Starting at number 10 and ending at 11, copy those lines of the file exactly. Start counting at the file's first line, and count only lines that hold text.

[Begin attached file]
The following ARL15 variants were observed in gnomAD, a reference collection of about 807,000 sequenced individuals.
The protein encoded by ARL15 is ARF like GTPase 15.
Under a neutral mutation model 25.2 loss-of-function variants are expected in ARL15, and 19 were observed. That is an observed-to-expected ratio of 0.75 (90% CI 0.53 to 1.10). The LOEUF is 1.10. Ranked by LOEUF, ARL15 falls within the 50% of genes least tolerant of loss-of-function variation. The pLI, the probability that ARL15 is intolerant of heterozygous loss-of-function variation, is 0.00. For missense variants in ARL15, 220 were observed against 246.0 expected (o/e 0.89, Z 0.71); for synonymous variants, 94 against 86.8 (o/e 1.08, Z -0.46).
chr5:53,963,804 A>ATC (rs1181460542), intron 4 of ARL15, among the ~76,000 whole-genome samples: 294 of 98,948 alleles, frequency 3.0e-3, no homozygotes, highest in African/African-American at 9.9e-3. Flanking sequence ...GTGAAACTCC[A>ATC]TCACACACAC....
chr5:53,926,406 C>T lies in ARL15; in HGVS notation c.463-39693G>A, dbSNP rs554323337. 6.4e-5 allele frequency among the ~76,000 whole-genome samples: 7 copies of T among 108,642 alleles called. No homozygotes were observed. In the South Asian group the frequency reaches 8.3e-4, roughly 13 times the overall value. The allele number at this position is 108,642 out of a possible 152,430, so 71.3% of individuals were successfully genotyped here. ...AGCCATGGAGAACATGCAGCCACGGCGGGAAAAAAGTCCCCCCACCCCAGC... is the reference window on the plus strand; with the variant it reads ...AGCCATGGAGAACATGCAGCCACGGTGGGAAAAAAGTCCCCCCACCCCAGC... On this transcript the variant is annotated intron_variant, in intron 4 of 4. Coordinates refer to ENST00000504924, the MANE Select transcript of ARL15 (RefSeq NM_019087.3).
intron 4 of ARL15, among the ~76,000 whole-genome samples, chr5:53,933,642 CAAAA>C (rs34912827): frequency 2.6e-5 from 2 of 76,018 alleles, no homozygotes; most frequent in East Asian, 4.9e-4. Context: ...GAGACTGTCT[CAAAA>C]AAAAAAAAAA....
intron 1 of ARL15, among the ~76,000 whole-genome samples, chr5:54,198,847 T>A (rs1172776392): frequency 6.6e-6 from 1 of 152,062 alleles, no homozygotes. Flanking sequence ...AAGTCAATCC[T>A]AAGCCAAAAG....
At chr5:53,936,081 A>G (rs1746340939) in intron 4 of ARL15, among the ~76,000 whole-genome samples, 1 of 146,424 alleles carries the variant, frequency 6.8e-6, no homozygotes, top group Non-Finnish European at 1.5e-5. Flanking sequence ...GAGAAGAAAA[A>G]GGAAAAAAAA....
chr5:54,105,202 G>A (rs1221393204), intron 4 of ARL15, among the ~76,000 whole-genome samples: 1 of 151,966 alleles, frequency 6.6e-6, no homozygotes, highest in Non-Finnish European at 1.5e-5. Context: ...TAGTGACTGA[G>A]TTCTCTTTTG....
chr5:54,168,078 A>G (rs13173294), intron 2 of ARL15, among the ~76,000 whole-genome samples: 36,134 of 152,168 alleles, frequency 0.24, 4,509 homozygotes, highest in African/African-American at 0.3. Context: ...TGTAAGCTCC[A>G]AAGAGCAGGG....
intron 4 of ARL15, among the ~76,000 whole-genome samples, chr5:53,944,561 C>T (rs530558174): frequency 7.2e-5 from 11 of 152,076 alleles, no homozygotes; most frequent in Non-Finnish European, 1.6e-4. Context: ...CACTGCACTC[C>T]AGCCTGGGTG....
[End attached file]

chr5:54,168,078 A>G (rs13173294), intron 2 of ARL15, among the ~76,000 whole-genome samples: 36,134 of 152,168 alleles, frequency 0.24, 4,509 homozygotes, highest in African/African-American at 0.3. Context: ...TGTAAGCTCC[A>G]AAGAGCAGGG....
intron 4 of ARL15, among the ~76,000 whole-genome samples, chr5:53,944,561 C>T (rs530558174): frequency 7.2e-5 from 11 of 152,076 alleles, no homozygotes; most frequent in Non-Finnish European, 1.6e-4. Context: ...CACTGCACTC[C>T]AGCCTGGGTG....